Brown’s story follows Emma Carrington, who as a baby was left on the doorstep of a man known as Squire Carrington. The Squire takes the baby in to care for it as his own, and upon the death of his wife he gives the child up to the Countess of Holmeshire as a servant. Distraught over the death of her own husband, the Countess sends Emma to London to learn the ways of society from her old governess. Once properly instructed and groomed, Emma returns to the home of the Countess to act as her companion. She is met with a dilemma, however. Ever since her time as a child at the Holmeshire estate, she has been watching the young Earl of Holmeshire from a distance, admiring him but unable to act due to her status. Now, as she returns as a different woman in both status and manners, can she catch the Earl’s eye? What will he make of her transition? There is also the mystery of the gold ring that was left with her when she was a baby. What does it mean? Who did it belong to, and what can it unlock from her past?
Debra Brown has really knocked the ball out of the park with The Companion of Lady Holmeshire. For a debut novel I was absolutely floored about how historically detailed the novel was. The end of the novel was one huge surprise, that felt never-ending. Just when you thought you found out all the secrets of Emma’s past, BAM! you’re hit with more. It’s these twists and turns of the plot that keep the story moving at an excellent pace and create a story with tons of character development. The story itself is told from several character’s perspectives and it amazed me that Brown was able to weave the stories together and pace them as beautifully as she did. Each character as well was a joy to follow, and with Brown’s characterizations you were either cheering or jeering them.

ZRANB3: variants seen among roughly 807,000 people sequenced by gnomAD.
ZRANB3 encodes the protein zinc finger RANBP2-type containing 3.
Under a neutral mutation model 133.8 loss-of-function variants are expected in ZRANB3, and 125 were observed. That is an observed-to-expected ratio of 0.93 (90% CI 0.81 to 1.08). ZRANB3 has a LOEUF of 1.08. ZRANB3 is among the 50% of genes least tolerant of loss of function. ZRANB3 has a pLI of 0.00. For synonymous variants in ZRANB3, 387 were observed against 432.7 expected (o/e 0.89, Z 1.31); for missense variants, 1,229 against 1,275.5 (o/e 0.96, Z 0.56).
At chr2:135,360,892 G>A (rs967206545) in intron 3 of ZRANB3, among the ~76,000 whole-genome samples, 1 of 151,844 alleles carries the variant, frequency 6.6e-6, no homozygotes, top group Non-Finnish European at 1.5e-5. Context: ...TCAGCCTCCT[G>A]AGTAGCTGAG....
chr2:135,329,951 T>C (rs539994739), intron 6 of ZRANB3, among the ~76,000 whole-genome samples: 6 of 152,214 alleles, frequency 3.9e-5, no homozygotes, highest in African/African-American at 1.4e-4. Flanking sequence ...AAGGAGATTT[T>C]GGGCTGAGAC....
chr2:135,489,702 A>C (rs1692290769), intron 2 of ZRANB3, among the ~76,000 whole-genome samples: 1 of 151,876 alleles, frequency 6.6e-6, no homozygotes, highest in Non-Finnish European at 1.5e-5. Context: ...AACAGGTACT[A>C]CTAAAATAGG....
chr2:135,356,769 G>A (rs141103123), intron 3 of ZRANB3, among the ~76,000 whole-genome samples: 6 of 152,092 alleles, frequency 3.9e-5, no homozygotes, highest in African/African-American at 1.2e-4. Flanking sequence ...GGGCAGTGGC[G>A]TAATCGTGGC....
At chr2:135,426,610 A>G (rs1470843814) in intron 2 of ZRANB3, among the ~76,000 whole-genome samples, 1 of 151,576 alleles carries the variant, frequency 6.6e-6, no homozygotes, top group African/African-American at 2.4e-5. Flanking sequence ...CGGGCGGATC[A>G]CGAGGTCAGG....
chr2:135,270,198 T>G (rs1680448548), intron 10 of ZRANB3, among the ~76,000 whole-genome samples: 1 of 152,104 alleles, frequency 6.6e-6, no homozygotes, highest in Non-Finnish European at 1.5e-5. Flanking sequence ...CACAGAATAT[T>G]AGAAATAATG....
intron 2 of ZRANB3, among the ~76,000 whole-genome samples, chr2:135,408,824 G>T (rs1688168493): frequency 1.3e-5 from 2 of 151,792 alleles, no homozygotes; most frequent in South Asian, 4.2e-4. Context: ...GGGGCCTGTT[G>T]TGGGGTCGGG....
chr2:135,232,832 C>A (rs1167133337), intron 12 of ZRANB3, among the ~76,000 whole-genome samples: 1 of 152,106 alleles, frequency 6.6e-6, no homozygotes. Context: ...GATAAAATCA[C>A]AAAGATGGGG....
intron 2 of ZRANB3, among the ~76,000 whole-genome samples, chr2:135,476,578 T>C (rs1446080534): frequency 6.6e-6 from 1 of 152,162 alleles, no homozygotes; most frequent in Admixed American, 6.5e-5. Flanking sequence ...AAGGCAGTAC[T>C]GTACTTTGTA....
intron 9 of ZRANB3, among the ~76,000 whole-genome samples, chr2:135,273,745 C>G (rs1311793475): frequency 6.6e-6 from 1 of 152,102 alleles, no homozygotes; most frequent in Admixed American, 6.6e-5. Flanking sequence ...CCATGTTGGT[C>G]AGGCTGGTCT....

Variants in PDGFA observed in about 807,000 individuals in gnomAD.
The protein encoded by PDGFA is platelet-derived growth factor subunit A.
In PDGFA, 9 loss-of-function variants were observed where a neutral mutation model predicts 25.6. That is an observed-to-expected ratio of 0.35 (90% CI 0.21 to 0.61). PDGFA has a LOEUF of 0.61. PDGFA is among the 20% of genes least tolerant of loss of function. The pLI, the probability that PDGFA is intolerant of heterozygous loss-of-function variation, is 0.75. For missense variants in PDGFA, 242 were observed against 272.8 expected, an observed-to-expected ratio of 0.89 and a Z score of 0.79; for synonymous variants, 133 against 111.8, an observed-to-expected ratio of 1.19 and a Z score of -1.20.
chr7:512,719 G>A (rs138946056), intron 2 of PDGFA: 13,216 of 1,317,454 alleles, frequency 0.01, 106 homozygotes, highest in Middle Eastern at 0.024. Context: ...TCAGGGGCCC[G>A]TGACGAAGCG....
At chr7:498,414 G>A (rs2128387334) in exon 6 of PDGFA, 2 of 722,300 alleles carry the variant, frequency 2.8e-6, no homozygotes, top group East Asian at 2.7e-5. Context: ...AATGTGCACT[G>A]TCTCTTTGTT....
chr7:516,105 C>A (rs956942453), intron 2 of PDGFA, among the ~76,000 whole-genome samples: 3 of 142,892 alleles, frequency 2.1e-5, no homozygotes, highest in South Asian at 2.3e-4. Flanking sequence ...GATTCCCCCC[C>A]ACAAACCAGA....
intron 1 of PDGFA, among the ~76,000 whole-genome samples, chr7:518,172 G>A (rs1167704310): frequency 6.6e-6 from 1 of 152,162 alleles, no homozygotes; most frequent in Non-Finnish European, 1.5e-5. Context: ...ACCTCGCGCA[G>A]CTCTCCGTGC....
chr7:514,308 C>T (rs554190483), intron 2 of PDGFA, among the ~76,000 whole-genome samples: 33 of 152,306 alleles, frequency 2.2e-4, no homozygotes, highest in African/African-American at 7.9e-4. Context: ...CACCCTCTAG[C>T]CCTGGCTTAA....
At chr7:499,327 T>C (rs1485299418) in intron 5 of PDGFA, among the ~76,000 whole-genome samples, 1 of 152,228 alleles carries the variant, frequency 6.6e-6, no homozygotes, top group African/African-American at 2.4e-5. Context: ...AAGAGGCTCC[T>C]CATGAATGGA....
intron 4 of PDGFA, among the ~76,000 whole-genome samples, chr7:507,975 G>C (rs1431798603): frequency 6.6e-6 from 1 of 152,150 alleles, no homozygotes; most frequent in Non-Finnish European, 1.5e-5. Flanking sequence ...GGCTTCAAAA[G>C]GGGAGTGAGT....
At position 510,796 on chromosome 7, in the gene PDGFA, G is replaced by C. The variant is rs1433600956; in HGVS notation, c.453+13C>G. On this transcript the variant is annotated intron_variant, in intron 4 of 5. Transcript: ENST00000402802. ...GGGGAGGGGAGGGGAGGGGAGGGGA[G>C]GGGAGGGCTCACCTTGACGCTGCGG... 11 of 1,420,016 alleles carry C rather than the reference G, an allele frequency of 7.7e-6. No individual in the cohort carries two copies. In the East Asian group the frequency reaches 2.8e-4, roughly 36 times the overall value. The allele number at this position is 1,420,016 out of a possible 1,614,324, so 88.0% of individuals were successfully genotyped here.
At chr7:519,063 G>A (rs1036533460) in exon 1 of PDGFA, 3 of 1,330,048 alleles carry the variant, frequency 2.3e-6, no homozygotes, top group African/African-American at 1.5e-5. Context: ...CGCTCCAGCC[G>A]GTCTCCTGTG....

One aspect of the novel that really intrigued me, was the social narrative on the problems that England was facing with the gap between the poor and the rich. The Earl of Holmeshire, Wills, brings the plight of the poor into the dinners and parties of the rich, forcing the wealthy to take a stand and do something about it. It’s an issue that hits close to home in the economic situation of the world today and makes me think and want to do more for the underprivileged. I thank Brown for making it a poignant part of the story, and for rewarding the characters that stood with Wills.
All in all, Brown has crafted an amazing foray into the world of the Victorian era. Not content with writing a story that relies on character development to drive the plot, she weaves the social and economic problems of the era into the fabric of the story. It adds a depth and complexion to the story that makes it even better. It was a pleasure to read and I wholeheartedly look forward to Brown’s followup works!
5 out 5 Stars
This is my twenty-eighth completed review for the Historical Fiction Challenge